Ice core studies of greenhouse gas concentrations prior to 800,000 years ago

One of the most important lines of evidence for the link between greenhouse gases and global temperature is the close covariation between global temperature and atmospheric CO2 concentration over the past 800 ka. The CO2 records come from trapped gases in ancient ice sampled by coring the 3-km thick ice sheet in East Antarctica. The timespan of the records is limited by the age of ice in the East Antarctic Ice Sheet.

There are no direct measurements of CO2 for earlier times, but there are proxy estimates based on certain physiological or geochemical properties of ancient plants or other fossils. Surprisingly, much of this evidence, while equivocal, is not supportive of a close link between CO2 and climate at earlier times. One example: at least 2 lines of evidence indicate that CO2 was lower than preindustrial (280 ppm) at around 7 Ma (7 million years ago). Such a change is unexpected, as at that time global temperature was about 2°C warmer, Greenland was unglaciated, and the Antarctic ice sheet was half its present size. The Bender Group has undertaken collaborative projects searching for much older ice, in two regions, Mullins Valley, and the Allan Hills (Figure 20). Both are near the coast of Antarctica, south of New Zealand. At both sites, there is some equivocal evidence that ice is present dating back to 2.5-9 Ma. Our earlier studies at one of these sites revealed an ice age of about 1 Ma, old but not as old as expected. It is unclear if this relatively young age was an artifact of contamination of shallow ice samples with modern air.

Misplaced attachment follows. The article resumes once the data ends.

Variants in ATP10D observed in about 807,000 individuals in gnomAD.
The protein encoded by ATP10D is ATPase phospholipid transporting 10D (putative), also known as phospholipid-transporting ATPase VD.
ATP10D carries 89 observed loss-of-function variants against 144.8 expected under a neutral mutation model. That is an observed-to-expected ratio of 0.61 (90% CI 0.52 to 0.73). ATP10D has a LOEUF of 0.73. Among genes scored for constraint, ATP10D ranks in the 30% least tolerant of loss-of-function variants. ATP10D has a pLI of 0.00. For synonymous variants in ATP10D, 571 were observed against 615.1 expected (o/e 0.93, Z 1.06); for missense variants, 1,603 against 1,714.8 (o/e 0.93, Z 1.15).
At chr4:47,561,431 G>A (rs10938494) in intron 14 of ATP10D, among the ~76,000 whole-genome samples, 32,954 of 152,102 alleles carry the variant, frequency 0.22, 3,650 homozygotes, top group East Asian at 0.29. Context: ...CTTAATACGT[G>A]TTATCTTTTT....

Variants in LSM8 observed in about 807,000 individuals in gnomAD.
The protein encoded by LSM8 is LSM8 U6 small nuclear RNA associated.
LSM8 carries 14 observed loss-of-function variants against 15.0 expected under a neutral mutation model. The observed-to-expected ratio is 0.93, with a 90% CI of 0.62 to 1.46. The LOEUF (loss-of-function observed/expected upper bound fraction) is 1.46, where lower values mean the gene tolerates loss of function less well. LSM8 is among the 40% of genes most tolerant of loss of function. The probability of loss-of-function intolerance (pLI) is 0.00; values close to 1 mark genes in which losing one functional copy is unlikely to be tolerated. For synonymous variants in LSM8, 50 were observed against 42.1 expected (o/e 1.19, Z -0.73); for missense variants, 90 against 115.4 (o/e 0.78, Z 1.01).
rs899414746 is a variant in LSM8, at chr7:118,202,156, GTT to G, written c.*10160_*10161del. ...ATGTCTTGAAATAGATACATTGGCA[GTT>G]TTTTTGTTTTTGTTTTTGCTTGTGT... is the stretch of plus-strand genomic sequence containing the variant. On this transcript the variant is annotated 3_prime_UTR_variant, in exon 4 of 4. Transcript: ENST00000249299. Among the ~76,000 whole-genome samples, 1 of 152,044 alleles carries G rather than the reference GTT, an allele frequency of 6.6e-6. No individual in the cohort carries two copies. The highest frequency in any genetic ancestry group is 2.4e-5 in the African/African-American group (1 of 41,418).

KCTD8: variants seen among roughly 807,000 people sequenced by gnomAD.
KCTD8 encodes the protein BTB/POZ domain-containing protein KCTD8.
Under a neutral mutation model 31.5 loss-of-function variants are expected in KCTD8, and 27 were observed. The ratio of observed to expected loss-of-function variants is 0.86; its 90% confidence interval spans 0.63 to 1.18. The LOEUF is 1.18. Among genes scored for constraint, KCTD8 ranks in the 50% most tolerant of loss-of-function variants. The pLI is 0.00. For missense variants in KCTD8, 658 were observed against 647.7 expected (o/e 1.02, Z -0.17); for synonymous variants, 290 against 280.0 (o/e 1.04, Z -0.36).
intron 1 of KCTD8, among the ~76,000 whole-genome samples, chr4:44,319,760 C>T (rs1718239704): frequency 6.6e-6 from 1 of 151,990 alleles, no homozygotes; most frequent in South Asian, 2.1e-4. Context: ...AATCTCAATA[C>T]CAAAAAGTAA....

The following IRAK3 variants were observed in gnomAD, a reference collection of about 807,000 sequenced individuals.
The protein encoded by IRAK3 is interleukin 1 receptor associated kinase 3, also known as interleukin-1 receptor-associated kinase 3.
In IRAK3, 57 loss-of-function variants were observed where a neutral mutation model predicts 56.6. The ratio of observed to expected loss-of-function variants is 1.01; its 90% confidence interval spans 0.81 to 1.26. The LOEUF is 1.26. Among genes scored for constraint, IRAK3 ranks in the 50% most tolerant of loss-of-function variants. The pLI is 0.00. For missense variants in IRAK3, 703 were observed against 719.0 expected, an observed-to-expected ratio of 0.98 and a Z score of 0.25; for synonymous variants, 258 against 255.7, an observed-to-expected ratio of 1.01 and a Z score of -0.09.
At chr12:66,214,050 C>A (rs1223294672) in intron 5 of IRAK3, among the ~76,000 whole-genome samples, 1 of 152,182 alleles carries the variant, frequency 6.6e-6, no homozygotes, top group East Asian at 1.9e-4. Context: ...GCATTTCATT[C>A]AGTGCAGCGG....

This past austral summer, the Bender team was involved in expeditions to drill deeper samples of ice at both sites. These expeditions were reasonably successful. Ice will be returned to the laboratory shortly, and the researchers will date it using an Ar isotope method recently developed with CMI support. If dating studies demonstrate the antiquity of this ice, they will carry out additional sampling, and undertake analyses of CO2 and methane in the trapped gases.

Figure 20. Drilling for old ice in the Allan Hills, Antarctic. The “blue ice” (foreground) is ancient ice carried from below to the surface by the flow of the ice sheet.


Studying glacial-interglacial changes in the polar ocean

As part of a long term collaboration with close colleague Gerald Haug, Professor in the Geological Institute at ETH Zurich, Daniel Sigman’s group continues to pursue evidence for reduced vertical exchange (i.e. “stratification”) in the halocline-bearing polar ocean regions under colder climates of the past 3 million years (Figure 21). A major motivation for this focus is that the reconstructed polar ocean changes have the capacity to affect atmospheric CO2 in the observed sense of its glacial/ interglacial oscillation, by reducing the natural leak of biologically sequestered CO2 out of the polar ocean and into the atmosphere during ice ages. Moreover, this work bears on the expected response of the different polar ocean regions to anthropogenic climate change, with implications for regional weather, fisheries, and the oceanic sink of anthropogenic carbon.